Helsby is a large village and civil parish in the ceremonial county of Cheshire, England and administered by the unitary authority of Cheshire West and Chester. At the 2011 Census, Helsby had a population of 4,972.
There are the remains of a Promontory fort on Helsby Hill of 1.9ha in area. Modern excavations have revealed evidence of activity on Helsby Hill prior to the construction of the hillfort comprising a buried soil containing fossilised pollen dating to the late Mesolithic to early Neolithic dated between 7000 and 3001BC. Further evidence suggests a burning episode dating to the early Neolithic occupation or woodland clearance dating to 4000BC to 2351 BC.
The bivallate hillfort is protected on the south and east by two parallel ramparts and an unusual type of inturned entrance 10 metres wide. There were three phases of hillfort construction at Helsby. The first stone rampart was constructed in the middle to late Bronze Age (1250-1050 cal BC) and consisted of a bank of well dressed, outer face of sandstone blocks and an irregular inner face, which was built on a slight batter; it was approximately 3.5m wide. A socketed bronze axe found at Helsby in 1925. This was followed by a series of colloviul deposits against the internal face of the stone rampart that formed the second phase of activity. The third and final phase was the re-building of the rampart in the post-Roman period, dating as late as 530 AD suggesting early Saxon re-occupation of the hillfort.
Helsby was located on the strategically important Roman road between Chester and Wilderspool near Warrington. The road existed between c. 79-410 AD to link the garrison of Deva to Wilderspool, which produced pottery that supplied the north west of England. The Roman road passed at the foot of Helsby Hill probably following the route of Old Chester Road. On the top of the hill a Roman bronze sestertius of the emperor Tiberius minted in Rome in AD22 was found and just off Vicarage lane in 1958, an uninscribed Roman altar of red sandstone was discovered with a carved jug on one side and an axe and knife on the other.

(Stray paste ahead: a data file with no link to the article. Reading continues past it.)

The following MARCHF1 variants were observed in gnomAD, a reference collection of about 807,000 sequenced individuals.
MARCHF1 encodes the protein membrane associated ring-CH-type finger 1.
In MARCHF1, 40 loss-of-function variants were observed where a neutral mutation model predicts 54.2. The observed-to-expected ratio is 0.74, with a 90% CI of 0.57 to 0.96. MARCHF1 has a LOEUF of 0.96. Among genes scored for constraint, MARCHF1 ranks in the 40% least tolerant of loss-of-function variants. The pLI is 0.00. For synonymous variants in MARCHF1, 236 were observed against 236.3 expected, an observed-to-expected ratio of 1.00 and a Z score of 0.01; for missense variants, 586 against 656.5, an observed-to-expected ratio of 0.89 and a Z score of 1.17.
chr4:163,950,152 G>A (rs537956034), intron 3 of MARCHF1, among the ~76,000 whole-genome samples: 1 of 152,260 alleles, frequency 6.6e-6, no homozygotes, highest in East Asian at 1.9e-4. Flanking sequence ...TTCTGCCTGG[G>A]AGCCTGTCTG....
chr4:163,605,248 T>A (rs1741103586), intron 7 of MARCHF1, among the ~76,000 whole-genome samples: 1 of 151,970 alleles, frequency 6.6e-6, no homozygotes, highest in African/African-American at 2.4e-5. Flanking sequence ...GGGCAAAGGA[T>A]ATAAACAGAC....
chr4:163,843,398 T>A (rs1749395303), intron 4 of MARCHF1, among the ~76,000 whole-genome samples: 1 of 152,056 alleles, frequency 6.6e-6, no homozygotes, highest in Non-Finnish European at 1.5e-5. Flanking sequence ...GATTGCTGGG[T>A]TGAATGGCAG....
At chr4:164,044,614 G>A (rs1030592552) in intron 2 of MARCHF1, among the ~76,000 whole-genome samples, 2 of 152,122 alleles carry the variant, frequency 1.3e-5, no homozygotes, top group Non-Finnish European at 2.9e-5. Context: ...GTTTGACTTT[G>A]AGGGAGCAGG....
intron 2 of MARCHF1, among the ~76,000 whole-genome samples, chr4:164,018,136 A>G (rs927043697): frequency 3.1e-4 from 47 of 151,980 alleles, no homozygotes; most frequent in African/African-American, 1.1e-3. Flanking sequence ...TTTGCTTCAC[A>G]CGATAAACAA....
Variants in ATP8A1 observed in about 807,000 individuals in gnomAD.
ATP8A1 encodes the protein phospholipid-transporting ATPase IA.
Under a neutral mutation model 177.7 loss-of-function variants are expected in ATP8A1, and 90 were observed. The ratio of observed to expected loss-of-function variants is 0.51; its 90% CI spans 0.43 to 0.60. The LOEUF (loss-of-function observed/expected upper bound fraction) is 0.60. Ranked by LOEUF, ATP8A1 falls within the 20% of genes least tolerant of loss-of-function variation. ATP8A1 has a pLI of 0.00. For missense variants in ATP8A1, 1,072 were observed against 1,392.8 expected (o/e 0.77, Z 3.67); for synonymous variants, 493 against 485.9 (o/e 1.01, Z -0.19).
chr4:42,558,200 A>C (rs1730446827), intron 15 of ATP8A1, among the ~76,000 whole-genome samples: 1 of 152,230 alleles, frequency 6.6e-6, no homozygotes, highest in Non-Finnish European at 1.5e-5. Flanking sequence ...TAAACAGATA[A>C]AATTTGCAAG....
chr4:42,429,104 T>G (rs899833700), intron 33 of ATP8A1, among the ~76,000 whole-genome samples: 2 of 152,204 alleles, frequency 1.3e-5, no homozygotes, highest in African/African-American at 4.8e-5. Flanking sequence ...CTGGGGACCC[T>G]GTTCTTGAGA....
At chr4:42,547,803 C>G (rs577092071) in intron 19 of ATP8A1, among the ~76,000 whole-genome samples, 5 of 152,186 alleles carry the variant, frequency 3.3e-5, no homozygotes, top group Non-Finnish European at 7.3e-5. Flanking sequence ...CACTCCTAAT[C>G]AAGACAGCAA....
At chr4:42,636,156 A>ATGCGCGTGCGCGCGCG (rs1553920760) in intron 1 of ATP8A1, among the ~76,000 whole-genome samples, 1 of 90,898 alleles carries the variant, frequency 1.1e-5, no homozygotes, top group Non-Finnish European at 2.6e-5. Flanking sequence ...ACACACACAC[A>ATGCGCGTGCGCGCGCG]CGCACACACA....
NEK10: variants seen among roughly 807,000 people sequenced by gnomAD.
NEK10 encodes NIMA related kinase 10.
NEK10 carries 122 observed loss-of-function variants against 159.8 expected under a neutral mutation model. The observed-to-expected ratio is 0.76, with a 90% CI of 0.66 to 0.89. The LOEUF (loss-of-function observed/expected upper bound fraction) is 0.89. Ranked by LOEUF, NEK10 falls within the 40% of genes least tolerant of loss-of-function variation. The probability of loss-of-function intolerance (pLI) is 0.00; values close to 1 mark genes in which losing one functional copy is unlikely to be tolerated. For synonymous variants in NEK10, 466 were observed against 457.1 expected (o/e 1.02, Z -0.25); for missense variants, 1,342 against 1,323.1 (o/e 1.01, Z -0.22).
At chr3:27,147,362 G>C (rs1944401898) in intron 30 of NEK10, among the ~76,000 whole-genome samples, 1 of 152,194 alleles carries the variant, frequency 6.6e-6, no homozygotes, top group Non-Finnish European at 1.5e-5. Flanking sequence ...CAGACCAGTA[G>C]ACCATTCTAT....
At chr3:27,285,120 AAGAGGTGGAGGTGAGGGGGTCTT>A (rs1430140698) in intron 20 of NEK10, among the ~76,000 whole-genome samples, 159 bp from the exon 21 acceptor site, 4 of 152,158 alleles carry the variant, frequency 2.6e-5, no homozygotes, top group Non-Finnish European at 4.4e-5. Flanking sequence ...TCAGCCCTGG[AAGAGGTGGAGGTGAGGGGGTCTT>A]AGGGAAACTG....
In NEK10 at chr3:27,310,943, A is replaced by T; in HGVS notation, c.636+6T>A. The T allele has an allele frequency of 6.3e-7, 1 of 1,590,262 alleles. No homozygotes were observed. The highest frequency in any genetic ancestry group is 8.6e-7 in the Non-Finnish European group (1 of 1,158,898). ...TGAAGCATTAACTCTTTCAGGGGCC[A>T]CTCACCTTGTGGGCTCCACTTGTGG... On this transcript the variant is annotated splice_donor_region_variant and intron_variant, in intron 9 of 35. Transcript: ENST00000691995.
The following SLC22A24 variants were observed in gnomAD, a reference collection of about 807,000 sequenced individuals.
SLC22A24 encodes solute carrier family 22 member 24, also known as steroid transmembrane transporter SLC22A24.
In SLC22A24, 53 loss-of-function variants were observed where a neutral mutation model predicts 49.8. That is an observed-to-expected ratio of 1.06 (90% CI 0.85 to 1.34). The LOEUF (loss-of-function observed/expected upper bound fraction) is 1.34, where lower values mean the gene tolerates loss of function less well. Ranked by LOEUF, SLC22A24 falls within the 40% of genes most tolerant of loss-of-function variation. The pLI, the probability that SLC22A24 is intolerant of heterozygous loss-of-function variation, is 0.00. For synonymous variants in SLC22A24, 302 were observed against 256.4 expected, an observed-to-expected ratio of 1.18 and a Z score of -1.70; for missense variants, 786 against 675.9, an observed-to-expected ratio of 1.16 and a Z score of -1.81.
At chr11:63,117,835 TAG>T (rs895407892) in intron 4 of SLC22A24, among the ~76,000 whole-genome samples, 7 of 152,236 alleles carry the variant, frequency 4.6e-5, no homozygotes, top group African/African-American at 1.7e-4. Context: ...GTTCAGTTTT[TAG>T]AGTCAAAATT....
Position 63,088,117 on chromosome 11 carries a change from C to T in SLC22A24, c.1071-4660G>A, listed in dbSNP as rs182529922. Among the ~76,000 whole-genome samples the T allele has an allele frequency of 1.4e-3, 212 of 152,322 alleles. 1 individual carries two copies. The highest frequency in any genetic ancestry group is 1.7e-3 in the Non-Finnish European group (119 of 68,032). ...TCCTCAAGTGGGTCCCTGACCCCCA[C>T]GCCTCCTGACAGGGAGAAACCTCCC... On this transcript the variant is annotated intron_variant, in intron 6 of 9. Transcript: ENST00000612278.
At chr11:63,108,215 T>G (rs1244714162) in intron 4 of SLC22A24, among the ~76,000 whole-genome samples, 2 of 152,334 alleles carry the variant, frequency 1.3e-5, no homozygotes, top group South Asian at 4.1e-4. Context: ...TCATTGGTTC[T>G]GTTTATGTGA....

The first known settlers of Helsby were the Vikings in the 10th century. In fact, the name 'Helsby' is likely to be derived from the Viking name Hjallr-by, meaning "the village on the edge" (placenames with the suffix "by" often denote Viking/Danish origins, e.g. Derby, Grimsby, Whitby, etc.). However, Old Norse suggests that Hjalli means edge and Hjallr means constructed platform or scaffold.
The village was recorded in the Domesday Book of 1086 under the Norman name of Hellesbe. The Manor of Helsby was owned by a series of aristocratic landowners, most recently the Marquis of Cholmondeley.
In the 13th century Helsby was deemed a demesne manor under the lordship of Dunham-on-the-Hill,by a family called Hellesby. Later it passed to Thornton and then to Frodsham. The earliest mention of the original, timber Old Hall, was in a contract for the construction of additional in stone in the mid 15th century. The wooden part of the hall perished in a fire in the 16th century when it was leased to one of the Hatons of Helsby. The later hall probably derived its name from its proximity to the older site. It was built of brick at the end of the 18th century and was used as a farmhouse.
Helsby Hill was the location of a rare public execution when William Henry Clarke was hung in chains on 21 April 1791 after being convicted of robbing the Warrington Mail.